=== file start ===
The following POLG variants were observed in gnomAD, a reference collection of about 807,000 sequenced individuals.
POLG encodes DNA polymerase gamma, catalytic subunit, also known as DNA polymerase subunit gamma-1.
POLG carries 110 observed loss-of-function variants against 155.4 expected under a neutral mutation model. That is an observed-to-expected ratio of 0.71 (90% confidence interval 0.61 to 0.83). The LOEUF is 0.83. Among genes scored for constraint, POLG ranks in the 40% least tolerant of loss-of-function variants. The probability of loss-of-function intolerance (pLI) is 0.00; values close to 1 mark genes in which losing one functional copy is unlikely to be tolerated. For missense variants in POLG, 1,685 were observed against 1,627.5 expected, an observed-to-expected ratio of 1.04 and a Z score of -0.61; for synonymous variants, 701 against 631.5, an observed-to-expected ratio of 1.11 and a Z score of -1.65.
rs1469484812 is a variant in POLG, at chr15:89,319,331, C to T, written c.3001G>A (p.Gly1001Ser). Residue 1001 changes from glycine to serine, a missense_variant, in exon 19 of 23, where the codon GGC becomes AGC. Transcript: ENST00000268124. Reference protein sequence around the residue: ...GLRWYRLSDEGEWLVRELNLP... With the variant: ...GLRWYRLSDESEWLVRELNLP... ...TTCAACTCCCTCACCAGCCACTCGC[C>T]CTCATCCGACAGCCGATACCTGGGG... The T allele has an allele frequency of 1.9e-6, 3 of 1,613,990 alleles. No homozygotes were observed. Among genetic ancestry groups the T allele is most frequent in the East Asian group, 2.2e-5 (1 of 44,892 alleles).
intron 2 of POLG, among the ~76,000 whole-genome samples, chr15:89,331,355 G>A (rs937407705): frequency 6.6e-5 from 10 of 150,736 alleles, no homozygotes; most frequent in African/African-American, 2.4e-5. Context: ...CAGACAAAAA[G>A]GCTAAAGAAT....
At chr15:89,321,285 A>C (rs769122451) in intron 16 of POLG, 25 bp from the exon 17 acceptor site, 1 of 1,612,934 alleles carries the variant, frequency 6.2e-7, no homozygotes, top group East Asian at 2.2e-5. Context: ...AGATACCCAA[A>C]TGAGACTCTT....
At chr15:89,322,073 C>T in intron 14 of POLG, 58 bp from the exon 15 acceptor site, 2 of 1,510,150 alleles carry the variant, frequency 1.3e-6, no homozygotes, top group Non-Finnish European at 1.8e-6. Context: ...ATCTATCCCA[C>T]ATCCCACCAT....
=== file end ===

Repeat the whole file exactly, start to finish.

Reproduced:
The following POLG variants were observed in gnomAD, a reference collection of about 807,000 sequenced individuals.
POLG encodes DNA polymerase gamma, catalytic subunit, also known as DNA polymerase subunit gamma-1.
POLG carries 110 observed loss-of-function variants against 155.4 expected under a neutral mutation model. That is an observed-to-expected ratio of 0.71 (90% confidence interval 0.61 to 0.83). The LOEUF is 0.83. Among genes scored for constraint, POLG ranks in the 40% least tolerant of loss-of-function variants. The probability of loss-of-function intolerance (pLI) is 0.00; values close to 1 mark genes in which losing one functional copy is unlikely to be tolerated. For missense variants in POLG, 1,685 were observed against 1,627.5 expected, an observed-to-expected ratio of 1.04 and a Z score of -0.61; for synonymous variants, 701 against 631.5, an observed-to-expected ratio of 1.11 and a Z score of -1.65.
rs1469484812 is a variant in POLG, at chr15:89,319,331, C to T, written c.3001G>A (p.Gly1001Ser). Residue 1001 changes from glycine to serine, a missense_variant, in exon 19 of 23, where the codon GGC becomes AGC. Transcript: ENST00000268124. Reference protein sequence around the residue: ...GLRWYRLSDEGEWLVRELNLP... With the variant: ...GLRWYRLSDESEWLVRELNLP... ...TTCAACTCCCTCACCAGCCACTCGC[C>T]CTCATCCGACAGCCGATACCTGGGG... The T allele has an allele frequency of 1.9e-6, 3 of 1,613,990 alleles. No homozygotes were observed. Among genetic ancestry groups the T allele is most frequent in the East Asian group, 2.2e-5 (1 of 44,892 alleles).
intron 2 of POLG, among the ~76,000 whole-genome samples, chr15:89,331,355 G>A (rs937407705): frequency 6.6e-5 from 10 of 150,736 alleles, no homozygotes; most frequent in African/African-American, 2.4e-5. Context: ...CAGACAAAAA[G>A]GCTAAAGAAT....
At chr15:89,321,285 A>C (rs769122451) in intron 16 of POLG, 25 bp from the exon 17 acceptor site, 1 of 1,612,934 alleles carries the variant, frequency 6.2e-7, no homozygotes, top group East Asian at 2.2e-5. Context: ...AGATACCCAA[A>C]TGAGACTCTT....
At chr15:89,322,073 C>T in intron 14 of POLG, 58 bp from the exon 15 acceptor site, 2 of 1,510,150 alleles carry the variant, frequency 1.3e-6, no homozygotes, top group Non-Finnish European at 1.8e-6. Context: ...ATCTATCCCA[C>T]ATCCCACCAT....